The Only Benchmark of Wealth
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The New England Patriots are the winningest professional football team of the new millennia. While one could post a long list of reasons for their success, there is one that stands above the rest. In a recent interview, Patriots quarterback Tom Brady stated that they start each year with one goal – win the Super Bowl. Unlike many other teams, the Patriots do not settle for a better record than last year or improved statistics. Their single-minded goal is absolute and crystal clear to everyone on the team. It provides a framework and benchmark to help them coach, manage and play for success.
Interestingly, when most individuals, and many institutions for that matter, think about their investment goals, they have hopes of achieving Super Bowl-like returns. Despite their well-intentioned ambitions, they manage their portfolios based on benchmarks that are not relevant to their goals. In this article, I introduce an investment benchmark that simplifies the tracking process toward goals, which if achieved, provide certitude that one’s long-term objectives will be met.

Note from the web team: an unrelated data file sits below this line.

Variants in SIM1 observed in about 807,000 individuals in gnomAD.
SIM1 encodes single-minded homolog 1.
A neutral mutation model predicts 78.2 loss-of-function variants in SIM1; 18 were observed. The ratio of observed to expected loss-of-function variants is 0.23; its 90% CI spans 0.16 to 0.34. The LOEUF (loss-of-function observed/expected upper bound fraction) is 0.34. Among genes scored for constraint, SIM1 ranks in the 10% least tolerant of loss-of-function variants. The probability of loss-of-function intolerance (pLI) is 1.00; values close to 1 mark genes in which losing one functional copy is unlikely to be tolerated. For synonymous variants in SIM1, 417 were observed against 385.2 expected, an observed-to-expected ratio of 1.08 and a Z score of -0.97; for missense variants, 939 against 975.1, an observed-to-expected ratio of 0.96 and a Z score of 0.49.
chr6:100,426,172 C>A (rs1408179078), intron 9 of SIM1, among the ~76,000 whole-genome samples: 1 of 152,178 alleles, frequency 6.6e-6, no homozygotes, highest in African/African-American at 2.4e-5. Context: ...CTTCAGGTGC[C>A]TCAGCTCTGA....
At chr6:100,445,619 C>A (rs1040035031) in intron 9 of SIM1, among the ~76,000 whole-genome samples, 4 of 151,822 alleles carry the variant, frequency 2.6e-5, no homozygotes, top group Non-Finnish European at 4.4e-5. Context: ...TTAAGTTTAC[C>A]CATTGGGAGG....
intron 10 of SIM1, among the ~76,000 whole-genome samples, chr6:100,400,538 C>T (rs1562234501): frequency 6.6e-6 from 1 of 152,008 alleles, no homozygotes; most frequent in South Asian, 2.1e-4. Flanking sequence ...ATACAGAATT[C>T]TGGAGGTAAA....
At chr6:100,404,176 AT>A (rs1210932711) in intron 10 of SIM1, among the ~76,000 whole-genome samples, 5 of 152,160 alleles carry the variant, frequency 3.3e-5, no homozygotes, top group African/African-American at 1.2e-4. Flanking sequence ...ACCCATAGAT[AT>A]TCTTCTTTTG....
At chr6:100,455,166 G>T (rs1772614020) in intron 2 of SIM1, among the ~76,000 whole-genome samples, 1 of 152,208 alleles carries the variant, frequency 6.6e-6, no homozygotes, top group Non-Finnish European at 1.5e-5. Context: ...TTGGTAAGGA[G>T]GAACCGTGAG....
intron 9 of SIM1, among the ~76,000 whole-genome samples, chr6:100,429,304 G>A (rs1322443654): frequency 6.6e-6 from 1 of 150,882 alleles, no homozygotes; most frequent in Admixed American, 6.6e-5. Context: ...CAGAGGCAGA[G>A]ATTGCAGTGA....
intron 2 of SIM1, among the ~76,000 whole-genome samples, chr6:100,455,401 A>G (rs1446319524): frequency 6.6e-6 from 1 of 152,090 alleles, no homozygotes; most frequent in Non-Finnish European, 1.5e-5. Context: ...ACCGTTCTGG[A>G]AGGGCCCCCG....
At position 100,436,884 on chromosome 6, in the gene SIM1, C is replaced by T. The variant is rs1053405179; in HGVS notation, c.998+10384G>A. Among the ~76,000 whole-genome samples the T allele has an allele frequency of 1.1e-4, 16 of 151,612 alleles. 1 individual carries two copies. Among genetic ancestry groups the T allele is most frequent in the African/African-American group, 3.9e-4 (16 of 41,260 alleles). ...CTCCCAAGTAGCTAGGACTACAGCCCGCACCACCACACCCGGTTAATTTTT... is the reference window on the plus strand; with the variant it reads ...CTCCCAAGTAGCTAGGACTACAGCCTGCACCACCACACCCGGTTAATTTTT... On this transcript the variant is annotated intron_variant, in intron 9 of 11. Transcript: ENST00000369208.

The S&P 500
Almost all investors benchmark their returns, manage their assets and ultimately measure their success based on the value of a stock, bond or blended index(s). The most common investor benchmark is the S&P 500, a measure of the return of 500 large-cap domestic stocks.
But the performance of the S&P 500 and your retirement goals are unrelated. The typical counter-argument claims that the S&P 500 tends to be well correlated with economic growth and is a valid benchmark for individual portfolio performance and wealth. While that theory can be easily challenged over the past decade the question remains: Is economic growth a more valid benchmark than achieving a desired retirement goal? Additionally, there are long periods like today where the divergence between stock prices and underlying economic fundamentals is grossly askew. These variances result in long periods when stock market performance varies greatly from economic activity.
Even if we have a very long investment time frame and are willing to ignore the large variances between price and valuation, there is a much bigger problem to examine. Consider the following question: If you are promised a consistent annualized return of 10% from today until your retirement, will that allow you to meet your retirement goals?